AAG, Boston April 15-19, 2008
Once heralded as a useful indicator of social and technical modernity, and now championed as a postmodern and sustainable alternative to fossil-fueled transport, cycling has had a significant historical impact on global societies and geographies since its inception in the1860s (Norcliffe 2001; Horton, Rosen and Cox 2007). Proclaimed the “freedom machine”(especially in its current off-road versions) the bicycle facilitates new geographies of personal travel; so much so that it was a significant factor in the improvement of public transit at the turn of the twentieth century (Armstrong and Nelles 1977).
The bicycle’s ubiquity in cities has made it an especially important agent of the public, and scholars have begun writing about bicycle flaneurie (Mackintosh and Norcliffe 2006; Oddy 2007) and the social meanings of mobile practice (Spinney 2007). Its early adoption by women marked an important step in the embourgeoisment of public spaces (Mackintosh 2007) and the feminization of the public sphere (Garvey 1995). Bicycle clubs and bicycle racing, while powerful manifestations of Victorian manhood (Mackintosh and Norcliffe 2007) were not restricted to men; women’s bicycle racing exemplified the capitalist influence on gendered conceptions of the bicycle and the unevenness of racing bymen and women (Simpson 2007).Bicycling further helped black Americans combat the racial iniquities of Jim Crow (Ritchie 1988). Working bicycles and tricycles, the “delivery vans” of the developing world, offer accessible, low-cost and energy-efficient local transportation, and are often better navigators of the congested mega-cities of the global South (Boal 2006). And rapid changes in global supply chains used to manufacture cycles may anticipate future restructuring of the world vehicle industry, with which it shares many common production characteristics.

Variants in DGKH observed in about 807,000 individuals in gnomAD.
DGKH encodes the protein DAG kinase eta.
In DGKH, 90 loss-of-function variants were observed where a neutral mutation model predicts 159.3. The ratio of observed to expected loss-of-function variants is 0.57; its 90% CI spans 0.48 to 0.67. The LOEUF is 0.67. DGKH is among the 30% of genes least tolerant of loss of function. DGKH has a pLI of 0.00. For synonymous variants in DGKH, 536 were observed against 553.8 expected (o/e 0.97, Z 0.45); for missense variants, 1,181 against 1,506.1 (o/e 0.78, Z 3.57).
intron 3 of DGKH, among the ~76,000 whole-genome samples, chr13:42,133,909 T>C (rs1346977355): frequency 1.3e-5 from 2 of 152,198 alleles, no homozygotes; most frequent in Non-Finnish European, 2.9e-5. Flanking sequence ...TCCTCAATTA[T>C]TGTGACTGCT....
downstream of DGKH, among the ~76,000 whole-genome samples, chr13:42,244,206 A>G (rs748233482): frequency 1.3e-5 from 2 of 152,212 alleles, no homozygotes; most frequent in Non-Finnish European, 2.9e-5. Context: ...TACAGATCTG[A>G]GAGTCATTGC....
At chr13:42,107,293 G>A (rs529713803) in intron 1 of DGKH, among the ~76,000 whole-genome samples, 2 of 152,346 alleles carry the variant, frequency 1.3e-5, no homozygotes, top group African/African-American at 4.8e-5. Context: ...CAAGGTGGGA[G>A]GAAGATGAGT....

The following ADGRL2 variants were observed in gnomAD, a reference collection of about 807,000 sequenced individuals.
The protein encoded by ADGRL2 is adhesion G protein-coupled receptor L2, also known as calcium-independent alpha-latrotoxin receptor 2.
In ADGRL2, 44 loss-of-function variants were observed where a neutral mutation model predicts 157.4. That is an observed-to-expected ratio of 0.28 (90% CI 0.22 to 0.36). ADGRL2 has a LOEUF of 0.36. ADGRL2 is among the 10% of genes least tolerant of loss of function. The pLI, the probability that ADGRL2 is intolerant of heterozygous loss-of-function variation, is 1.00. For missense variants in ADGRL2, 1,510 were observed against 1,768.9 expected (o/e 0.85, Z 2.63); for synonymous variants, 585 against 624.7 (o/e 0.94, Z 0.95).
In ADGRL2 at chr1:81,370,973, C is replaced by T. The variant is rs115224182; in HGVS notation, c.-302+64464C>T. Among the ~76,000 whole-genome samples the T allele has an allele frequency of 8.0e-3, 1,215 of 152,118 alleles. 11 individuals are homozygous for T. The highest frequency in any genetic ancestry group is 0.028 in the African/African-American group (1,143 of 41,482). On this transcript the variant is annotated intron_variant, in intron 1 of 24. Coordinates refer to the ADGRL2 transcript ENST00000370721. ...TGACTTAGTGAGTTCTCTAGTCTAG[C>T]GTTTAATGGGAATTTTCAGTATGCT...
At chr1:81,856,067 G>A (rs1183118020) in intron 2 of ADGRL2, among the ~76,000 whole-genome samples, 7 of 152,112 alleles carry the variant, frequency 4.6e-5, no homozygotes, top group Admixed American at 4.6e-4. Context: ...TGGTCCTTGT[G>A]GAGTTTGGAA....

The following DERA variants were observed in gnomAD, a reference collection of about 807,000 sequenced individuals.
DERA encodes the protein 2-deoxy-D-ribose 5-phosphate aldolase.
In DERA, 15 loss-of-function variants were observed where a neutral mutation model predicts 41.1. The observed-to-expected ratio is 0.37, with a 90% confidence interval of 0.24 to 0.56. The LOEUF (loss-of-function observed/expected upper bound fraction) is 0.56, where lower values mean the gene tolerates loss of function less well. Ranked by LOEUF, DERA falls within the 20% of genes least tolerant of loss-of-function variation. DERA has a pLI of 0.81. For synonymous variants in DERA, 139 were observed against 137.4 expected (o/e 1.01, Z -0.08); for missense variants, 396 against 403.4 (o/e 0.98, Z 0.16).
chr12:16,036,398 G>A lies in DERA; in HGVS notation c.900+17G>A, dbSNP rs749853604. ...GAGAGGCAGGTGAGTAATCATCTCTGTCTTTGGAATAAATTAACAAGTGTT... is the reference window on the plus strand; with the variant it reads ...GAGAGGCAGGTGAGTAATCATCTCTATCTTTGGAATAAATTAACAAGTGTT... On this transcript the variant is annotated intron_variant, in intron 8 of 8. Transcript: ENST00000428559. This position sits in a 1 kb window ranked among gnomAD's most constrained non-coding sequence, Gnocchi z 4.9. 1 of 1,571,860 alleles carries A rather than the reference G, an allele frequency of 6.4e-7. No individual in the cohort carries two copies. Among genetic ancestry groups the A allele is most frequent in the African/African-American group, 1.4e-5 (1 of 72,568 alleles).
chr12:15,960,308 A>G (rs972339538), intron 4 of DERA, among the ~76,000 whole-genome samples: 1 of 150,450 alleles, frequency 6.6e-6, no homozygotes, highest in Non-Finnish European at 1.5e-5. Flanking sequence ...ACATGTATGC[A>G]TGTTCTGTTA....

Thus, the continuing historical, social, cultural, urban, political, economic and population geographies of the bicycle and tricycle,and their technological variations, demand further attention of geographers, and this organized session invites papers that take up the challenge.
Please send abstracts of no more than 200 words, before October 10, 2007, to one of the following organizers:
Phillip Gordon Mackintosh, Brock University email@example.com
Glen Norcliffe, York University firstname.lastname@example.org